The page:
4. the dude

    Jan 28, 2020 at 10:20 am

    uh….so how did your tournament round go??….you seemed to have left out the “ending” to your story..(albeit a short one)

    also, whats your handicap? Do you plan on performing a “study” on your findings?…i’m curious. You live in Texas…so there’s no excuse to not begin it now (and share with us) 🙂

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Opinion & Analysis

Clark: A teacher’s take on Brandel Chamblee’s comments

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Because I’m writing to a knowledgeable audience who follows the game closely, I’m sure the current Brandel Chamblee interview and ensuing controversy needs no introduction, so let’s get right to it.

Brandel Chamblee, a former PGA Tour player, now plays a role as a TV personality. He has built a “brand” around that role. The Golf Channel seems to relish the idea of Brandel as the “loose cannon” of the crew (not unlike Johnny Miller on NBC) saying exactly what he thinks with seeming impunity from his superiors.

I do not know the gentleman personally, but on-air, he seems like an intelligent, articulate golf professional, very much on top of his subject matter, which is mostly the PGA Tour. He was also a very capable player (anyone who played and won on the PGA Tour is/was a great player). But remember, nowadays he is not being judged by what scores he shoots, but by how many viewers/readers his show and his book have (ratings). Bold statements sell, humdrum ones do not.

For example, saying that a teacher’s idiocy was exposed is a bold controversial statement that will sell, but is at best only partly true and entirely craven. If the accuser is not willing to name the accused, he is being unfair and self-serving. However, I think it’s dangerous to throw the baby out with the bathwater here; Brandel is a student of the game and I like a lot of what he says and thinks.

His overriding message in that interview is that golf over the last “30-40 years” has been poorly taught. He says the teachers have been too concerned with aesthetics, not paying enough attention to function. There is some truth in that, but Brandel is painting with a very broad brush here. Many, myself included, eschewed method teaching years ago for just that reason. Method teachers are bound to help some and not others. Maybe the “X swing” one player finds very useful, another cannot use it all.

Brandel was asked specifically about Matthew Wolff’s unique swing: Lifting the left heel, crossing the line at the top, etc. He answered, “of course he can play because that’s how he plays.” The problem would be if someone tried to change that because it “looked odd.” Any teacher worth his weight in salt would not change a swing simply because it looked odd if it was repeating good impact. I learned from the great John Jacobs that it matters not what the swing looks like if it is producing great impact.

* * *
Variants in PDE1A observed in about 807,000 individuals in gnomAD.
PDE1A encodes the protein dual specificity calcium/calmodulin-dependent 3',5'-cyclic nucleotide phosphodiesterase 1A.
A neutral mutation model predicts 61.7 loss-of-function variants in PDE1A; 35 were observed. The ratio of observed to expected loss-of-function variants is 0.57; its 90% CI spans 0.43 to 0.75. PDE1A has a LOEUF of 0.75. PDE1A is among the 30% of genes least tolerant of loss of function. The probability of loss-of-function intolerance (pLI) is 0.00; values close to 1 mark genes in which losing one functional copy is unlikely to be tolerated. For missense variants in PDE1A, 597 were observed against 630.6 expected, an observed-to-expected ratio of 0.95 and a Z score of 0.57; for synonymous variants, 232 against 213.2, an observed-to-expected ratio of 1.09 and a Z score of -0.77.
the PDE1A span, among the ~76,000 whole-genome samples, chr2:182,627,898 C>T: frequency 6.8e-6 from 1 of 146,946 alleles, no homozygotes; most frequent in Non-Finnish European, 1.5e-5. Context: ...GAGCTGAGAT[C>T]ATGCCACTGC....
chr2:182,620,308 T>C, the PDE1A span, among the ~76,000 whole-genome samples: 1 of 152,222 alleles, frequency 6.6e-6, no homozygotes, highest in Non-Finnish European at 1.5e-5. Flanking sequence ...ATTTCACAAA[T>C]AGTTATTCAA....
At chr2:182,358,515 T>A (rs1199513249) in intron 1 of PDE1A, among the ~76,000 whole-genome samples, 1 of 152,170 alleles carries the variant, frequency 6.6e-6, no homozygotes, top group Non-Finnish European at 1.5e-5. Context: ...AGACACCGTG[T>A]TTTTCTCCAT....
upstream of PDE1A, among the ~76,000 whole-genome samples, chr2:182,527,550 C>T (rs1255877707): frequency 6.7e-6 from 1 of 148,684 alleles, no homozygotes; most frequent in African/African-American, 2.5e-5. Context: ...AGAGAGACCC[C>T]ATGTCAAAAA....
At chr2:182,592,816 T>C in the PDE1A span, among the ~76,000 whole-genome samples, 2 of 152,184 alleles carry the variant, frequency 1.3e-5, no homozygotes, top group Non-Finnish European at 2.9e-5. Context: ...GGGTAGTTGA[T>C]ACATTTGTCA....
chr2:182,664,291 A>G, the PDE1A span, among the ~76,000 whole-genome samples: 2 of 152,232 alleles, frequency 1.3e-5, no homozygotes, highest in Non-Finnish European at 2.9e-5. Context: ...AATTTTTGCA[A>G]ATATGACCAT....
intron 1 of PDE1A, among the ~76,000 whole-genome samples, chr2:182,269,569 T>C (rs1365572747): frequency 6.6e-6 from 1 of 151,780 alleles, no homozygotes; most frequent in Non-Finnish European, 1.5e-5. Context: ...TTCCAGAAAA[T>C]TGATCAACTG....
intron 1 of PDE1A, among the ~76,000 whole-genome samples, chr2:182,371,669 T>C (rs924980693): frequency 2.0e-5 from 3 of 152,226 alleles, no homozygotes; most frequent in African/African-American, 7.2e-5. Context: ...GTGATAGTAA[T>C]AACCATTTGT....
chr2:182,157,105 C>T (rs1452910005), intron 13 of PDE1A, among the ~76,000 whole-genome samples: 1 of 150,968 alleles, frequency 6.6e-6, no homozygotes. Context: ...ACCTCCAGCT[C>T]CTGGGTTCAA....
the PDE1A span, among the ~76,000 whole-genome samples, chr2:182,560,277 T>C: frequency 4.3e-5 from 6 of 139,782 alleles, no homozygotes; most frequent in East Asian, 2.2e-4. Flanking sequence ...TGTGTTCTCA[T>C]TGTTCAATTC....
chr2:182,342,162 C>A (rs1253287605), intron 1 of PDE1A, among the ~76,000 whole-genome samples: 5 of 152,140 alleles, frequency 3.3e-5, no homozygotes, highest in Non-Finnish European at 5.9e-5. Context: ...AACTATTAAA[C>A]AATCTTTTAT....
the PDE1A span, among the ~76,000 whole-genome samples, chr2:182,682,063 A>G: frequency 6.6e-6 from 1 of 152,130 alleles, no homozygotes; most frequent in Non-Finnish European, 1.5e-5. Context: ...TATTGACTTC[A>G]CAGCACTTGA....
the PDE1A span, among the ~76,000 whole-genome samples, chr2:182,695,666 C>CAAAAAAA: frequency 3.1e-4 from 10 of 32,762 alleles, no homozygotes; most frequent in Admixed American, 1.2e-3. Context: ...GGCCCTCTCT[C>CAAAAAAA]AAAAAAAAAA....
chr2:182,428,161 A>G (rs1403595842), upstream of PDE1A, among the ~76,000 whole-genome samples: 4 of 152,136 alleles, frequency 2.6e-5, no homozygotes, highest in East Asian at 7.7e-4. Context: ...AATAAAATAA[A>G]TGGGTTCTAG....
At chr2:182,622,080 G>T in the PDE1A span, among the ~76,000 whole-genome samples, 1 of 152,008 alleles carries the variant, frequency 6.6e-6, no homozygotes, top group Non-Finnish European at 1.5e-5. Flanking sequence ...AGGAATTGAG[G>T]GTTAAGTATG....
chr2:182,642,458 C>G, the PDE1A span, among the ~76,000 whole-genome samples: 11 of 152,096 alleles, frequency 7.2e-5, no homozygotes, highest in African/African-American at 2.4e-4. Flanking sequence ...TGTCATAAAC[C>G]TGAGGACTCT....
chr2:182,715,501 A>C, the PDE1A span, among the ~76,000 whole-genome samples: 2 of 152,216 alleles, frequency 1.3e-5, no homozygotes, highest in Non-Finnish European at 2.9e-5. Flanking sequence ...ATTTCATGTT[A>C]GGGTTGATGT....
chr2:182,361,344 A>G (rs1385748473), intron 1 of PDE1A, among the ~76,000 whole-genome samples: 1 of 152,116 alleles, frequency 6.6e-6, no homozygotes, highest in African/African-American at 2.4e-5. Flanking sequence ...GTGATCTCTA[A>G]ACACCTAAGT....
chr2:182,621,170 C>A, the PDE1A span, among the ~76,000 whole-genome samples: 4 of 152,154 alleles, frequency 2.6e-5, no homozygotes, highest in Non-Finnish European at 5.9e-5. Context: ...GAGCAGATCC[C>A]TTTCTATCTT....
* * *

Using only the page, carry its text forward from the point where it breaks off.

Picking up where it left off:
Now, if he is objecting exclusively to those method teachers who felt a certain pattern of motions was the one true way to get to solid impact, I agree with him 100 percent. Buy many teach on an individual, ball flight and impact basis and did not generalize a method. So to say “golf instruction over the last 30-40 years” has been this or that is far too broad a description and unfair.

He goes on to say that the “Top Teacher” lists are “ridiculous.” I agree, mostly. While I have been honored by the PGA and a few golf publications as a “top teacher,” I have never understood how or why. NOT ONE person who awarded me those honors ever saw me give one lesson! Nor have they have ever tracked one player I coached.  I once had a 19 handicap come to me and two seasons later he won the club championship-championship flight! By that I mean with that student I had great success. But no one knew of that progress who gave me an award.

On the award form, I was asked about the best, or most well-known students I had taught. In the golf journals, a “this-is-the-teacher-who-can-help-you” message is the epitome of misdirection. Writing articles, appearing on TV, giving YouTube video tips, etc. is not the measure of a teacher. On the list of recognized names, I’m sure there are great teachers, but wouldn’t you like to see them teach as opposed to hearing them speak? I’m assuming the “ridiculous” ones Brandel refers to are those teaching a philosophy or theory of movement and trying to get everyone to do just that.

When it comes to his criticism of TrackMan, I disagree. TrackMan does much more than help “dial in yardage.” Video cannot measure impact, true path, face-to-path relationship, centeredness of contact, club speed, ball speed, plane etc. Comparing video with radar is unfair because the two systems serve different functions. And if real help is better ball flight, which of course only results from better impact, then we need both a video of the overall motion and a measure of impact.

Now the specific example he cites of Jordan Spieth’s struggles being something that can be corrected in “two seconds” is hyperbolic at least! Nothing can be corrected that quickly simply because the player has likely fallen into that swing flaw over time, and it will take time to correct it. My take on Jordan’s struggles is a bit different, but he is a GREAT player who will find his way back.

Brandel accuses Cameron McCormick (his teacher) of telling him to change his swing.  Do we know that to be true, or did Jordan just fall into a habit and Cameron is not seeing the change? I agree there is a problem; his stats prove that, but before we pick a culprit, let’s get the whole story. Again back to the sensationalism which sells! (Briefly, I believe Jordan’s grip is and has always been a problem but his putter and confidence overcame it. An active body and “quiet” hands is the motion one might expect of a player with a strong grip-for obvious reason…but again just my two teacher cents)